Consultation in respect of basis periods
Following an initial on basis periods on 20 July 2021, the government confirmed in their Autumn Budget that basis period reform would be going ahead from April 2024, one year later than originally planned.
It may be that this could have cash flow implications for your businesses and therefore this needs to be assessed and planned for.
The legislation proposes to simplify how businesses are taxed in their early years, by removing the “current-year basis”, and replacing it with a “tax-year basis”. This would impact on all individuals, partnerships, and trusts with a non-March year-end accounting period for any work as a proprietor of a business, from 2024/25. The proposition is that there would be a transitional year in 2023/24.
Whilst over-time this is expected to be tax neutral for HMRC, and it’s seeming complexity allows it to fall under the radar of main stream media, ultimately it is likely to be a huge earner in the short term raising an estimated c. £1.7bn in additional tax revenues over the next 5 years.
The impact is as follows:
- All profits will be taxed in the tax year in which they are made. This means that if the accounting year-end is 30 September 2024, the 2024/25 tax returns would be based on 6 months of the period ending on 30 September 2024 and 6 months of the period ending on 30 September 2025.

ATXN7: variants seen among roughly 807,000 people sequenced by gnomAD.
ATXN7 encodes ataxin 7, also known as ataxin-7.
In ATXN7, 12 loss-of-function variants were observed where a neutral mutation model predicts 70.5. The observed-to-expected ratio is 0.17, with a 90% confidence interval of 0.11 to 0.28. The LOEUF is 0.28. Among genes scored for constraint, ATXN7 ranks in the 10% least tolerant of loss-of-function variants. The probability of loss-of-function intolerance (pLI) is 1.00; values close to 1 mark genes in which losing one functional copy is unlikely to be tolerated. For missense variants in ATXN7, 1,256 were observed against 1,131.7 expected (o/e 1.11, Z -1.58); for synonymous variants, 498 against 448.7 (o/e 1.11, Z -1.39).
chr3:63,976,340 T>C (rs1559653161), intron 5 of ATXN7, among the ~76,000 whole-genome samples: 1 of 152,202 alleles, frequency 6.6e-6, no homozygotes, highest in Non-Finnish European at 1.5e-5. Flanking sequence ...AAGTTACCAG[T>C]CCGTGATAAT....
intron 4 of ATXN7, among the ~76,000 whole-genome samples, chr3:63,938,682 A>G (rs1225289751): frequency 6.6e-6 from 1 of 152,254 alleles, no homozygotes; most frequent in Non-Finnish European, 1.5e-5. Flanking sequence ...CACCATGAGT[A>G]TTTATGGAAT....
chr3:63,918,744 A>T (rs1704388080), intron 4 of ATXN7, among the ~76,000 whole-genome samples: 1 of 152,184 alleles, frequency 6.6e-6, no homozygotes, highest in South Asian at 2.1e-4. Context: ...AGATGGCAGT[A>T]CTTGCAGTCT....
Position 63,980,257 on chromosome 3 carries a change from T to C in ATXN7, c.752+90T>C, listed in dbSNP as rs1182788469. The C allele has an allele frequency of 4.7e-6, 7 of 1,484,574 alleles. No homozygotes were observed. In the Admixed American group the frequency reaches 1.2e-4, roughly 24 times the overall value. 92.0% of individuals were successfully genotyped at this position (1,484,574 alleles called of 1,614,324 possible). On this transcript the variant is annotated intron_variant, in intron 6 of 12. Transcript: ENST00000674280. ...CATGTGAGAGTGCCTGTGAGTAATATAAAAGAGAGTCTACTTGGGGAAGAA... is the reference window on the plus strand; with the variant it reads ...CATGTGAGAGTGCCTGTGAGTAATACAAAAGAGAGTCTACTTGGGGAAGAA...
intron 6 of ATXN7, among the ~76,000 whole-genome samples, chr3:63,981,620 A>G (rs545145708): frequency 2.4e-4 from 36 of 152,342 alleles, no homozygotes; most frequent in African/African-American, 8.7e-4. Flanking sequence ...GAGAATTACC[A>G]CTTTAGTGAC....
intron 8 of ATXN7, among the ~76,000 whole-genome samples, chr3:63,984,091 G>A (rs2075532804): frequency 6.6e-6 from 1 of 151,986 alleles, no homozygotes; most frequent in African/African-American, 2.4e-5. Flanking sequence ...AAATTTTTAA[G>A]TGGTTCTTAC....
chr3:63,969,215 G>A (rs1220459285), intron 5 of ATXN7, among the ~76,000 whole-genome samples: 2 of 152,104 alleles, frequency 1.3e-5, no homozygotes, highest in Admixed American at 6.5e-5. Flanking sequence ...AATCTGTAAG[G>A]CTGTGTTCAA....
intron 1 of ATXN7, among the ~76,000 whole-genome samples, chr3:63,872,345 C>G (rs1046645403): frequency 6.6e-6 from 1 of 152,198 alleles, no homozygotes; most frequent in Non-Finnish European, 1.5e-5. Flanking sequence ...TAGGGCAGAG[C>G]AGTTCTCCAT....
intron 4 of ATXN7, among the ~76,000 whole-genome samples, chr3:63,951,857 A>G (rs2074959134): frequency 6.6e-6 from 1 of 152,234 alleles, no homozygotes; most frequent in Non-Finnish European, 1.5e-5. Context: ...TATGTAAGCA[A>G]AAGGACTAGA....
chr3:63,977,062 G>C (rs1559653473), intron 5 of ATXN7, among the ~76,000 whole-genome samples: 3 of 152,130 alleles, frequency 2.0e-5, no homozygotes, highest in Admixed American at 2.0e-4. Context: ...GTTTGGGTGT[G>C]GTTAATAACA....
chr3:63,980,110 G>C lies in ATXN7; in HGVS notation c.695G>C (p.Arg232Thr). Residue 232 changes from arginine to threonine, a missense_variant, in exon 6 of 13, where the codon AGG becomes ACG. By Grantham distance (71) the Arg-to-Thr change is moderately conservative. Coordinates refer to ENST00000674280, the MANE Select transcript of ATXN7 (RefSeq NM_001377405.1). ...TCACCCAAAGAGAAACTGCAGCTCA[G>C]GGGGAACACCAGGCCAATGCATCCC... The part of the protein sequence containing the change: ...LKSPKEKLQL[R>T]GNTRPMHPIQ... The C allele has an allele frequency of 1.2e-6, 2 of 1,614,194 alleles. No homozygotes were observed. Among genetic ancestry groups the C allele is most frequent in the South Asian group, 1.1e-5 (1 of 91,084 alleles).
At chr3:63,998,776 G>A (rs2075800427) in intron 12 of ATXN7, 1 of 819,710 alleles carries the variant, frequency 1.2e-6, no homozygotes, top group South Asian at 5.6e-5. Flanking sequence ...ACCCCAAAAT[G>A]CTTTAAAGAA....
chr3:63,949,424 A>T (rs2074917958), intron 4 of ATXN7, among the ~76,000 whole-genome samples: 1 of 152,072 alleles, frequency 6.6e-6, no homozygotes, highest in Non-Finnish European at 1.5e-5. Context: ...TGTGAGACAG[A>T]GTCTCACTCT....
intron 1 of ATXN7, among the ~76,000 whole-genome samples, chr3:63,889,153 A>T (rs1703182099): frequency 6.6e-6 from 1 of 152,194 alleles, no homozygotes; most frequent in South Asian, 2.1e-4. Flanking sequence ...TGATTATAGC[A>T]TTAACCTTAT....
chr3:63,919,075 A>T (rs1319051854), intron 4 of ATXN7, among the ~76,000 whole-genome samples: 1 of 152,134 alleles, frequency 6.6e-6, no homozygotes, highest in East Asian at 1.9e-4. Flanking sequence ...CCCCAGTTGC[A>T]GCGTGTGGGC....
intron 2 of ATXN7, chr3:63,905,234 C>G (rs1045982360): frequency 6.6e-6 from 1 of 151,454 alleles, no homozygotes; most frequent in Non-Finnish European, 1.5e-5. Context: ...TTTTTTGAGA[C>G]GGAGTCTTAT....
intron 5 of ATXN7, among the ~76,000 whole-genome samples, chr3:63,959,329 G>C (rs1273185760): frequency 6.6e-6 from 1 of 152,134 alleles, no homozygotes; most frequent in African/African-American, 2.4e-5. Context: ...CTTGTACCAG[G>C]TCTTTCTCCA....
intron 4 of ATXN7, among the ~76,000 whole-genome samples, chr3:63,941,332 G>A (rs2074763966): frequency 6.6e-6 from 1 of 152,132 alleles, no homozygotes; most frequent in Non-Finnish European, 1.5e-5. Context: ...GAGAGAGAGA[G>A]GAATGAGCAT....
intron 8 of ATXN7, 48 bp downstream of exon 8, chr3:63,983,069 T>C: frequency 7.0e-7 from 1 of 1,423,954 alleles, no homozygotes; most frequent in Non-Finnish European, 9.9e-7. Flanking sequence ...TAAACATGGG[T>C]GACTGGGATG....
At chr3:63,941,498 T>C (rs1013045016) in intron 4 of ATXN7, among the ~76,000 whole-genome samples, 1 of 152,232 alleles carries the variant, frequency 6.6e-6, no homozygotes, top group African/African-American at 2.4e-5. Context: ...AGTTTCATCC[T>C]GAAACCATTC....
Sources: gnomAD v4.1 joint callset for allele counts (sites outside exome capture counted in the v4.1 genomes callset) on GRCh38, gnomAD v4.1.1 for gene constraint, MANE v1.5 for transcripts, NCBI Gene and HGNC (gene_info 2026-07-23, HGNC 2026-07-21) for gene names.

- If final accounts for this second period were not available before 31 January, an estimated return would need to be completed and submitted to HMRC before this date, and then amended after this date.
- In 2023/24 (the transition year) a long period would be taxed from the end of the previous accounting period to 31 March 2024. All existing overlap relief would then be claimed against this, in order to reduce the profits to those of a 12-month period. For example, if the year-end was 30 June, the period taxed in 2023/24 would be 1 July 2022 – 31 March 2024. All overlap relief brought forward would then be claimed.
- If this gave rise to additional profits, i.e. if overlap were lower than the additional profits taxed in the year, this additional profit could be spread over 5 years.
It is important to keep the following in mind:
- businesses may need to finalise annual accounts and tax computations earlier than usual, which may incur additional costs;
- while there is currently no requirement for businesses to adopt an accounting date aligned with the tax year, many businesses will likely choose to adopt a 31 March year end in the transition year 2023/24;
- there will likely be a cashflow impact as a result of extra tax in the transition year and extra costs of complying with the new rules and accelerating accounts preparation;
- for retiring partners, these changes could alter the optimal date for retirement, as well as accelerate transition period profits in the final tax year.
Please get in touch with us if you would like to discuss the impact on you.